In the 400H, a world-leading performance by Texas A&M’s Shamier Little [53.74] gave her an impressive win – #4 collegiate mark of all time. But a 2-3 finish by Kentucky’s Kendra Harrison and Leah Nugent pushed the Wildcat’s team total to 38 – just 13 points behind Oregon.
But the Lady Ducks were just about ready to close the show. As Oregon 100m winner Prandini and the rest of the field loaded into the blocks for the 200m final, word spread that Oregon needed only 3 points to clinch the team title. The Duck sprint star was up to the task. Only a magnificent clocking by Kentucky’s Dezerea Bryant [22.18 – #3 on the WL board] could deny Prandini [2nd in 22.21 – #4 on the WL list] the sprint double she sought. But her eight 2nd place points were more than enough to end the 30-year drought and give the women of Oregon the team championship trophy.
At the meet’s conclusion as the Duck women were in the afterglow of their first outdoor team title in 30 years, Johnson began his post-meet observations by emphasizing how important the women’s crown is to Oregon. “This one is special because we have been close on this one for a long time. Looking back, we’ve been second, we’ve second, we’ve second. And so to be able to finally break through and get this win is really special for our program.”
The Oregon leader couldn’t say enough about his team and his top performers. “What do you say about that thing right there?” asked Coach Johnson in reference to Prandini’s clutch sprint and jump performances. “[For Prandini] to be able take on the task we asked her to do coming into this championship is monumental. For her to go on and win the 100, get nipped in the long jump, and to be runner-up in the 2 – I wish we had 10 more like her.”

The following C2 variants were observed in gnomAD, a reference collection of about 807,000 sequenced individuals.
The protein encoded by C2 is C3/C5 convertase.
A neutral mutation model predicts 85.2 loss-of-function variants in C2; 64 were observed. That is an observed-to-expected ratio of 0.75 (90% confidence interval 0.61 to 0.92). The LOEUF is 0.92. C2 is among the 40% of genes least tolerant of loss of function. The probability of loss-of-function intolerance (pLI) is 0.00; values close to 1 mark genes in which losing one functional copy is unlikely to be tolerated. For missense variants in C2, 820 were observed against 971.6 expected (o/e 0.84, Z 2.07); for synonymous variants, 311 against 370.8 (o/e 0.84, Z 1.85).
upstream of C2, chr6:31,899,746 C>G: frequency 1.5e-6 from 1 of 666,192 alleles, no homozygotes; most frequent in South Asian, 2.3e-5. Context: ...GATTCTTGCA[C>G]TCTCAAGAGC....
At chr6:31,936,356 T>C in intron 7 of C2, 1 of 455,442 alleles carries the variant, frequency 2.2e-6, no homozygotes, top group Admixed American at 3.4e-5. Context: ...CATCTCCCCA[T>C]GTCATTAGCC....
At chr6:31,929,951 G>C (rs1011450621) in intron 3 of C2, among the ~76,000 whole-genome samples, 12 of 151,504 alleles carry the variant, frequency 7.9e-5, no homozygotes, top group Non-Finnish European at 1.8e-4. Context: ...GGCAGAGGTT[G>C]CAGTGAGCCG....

Johnson downplayed the 4×100 gaffe and cited his athletes’ resilience. “They’re battle-tested. We’ve kind of been this situation before. This is just a true testament of that. Those girls [the 4×1 squad] practice a lot there. And to have that mishap there is definitely unfortunate. But as you can see, that is what a championship is. There is some ebb and flow. And we were just able to absorb them and keep on moving.”
Johnson values all three of his programs: cross country; indoor track & field ; and outdoor track & field. But he was quick to acknowledge the special nature of this outdoor women’s team victory. “We’ve been second at this one for a long time. So for us to finally get one on the anniversary of the ’85 team [national championship win] is pretty special. We’re a balanced program. We take each championship seriously. We’re not going to just load up and only show up at the track championships, indoor and outdoor. We’re going to compete hard in cross country. We’re going to compete hard at indoor. And we’re going to 100% compete outdoors. And I think that’s what makes us special.” But what makes this dual men’s / women’s team titles so special? Robert Johnson smiled and replied, “That’s the crown jewel.”
Dave Hunter, who ran his marathon P.R. of 2:31:40 on the highly revered Boston Marathon course back in the Paleozoic era, is a track and field announcer, broadcaster, and journalist. To find out more about Dave, please visit www.trackandfieldhunter.com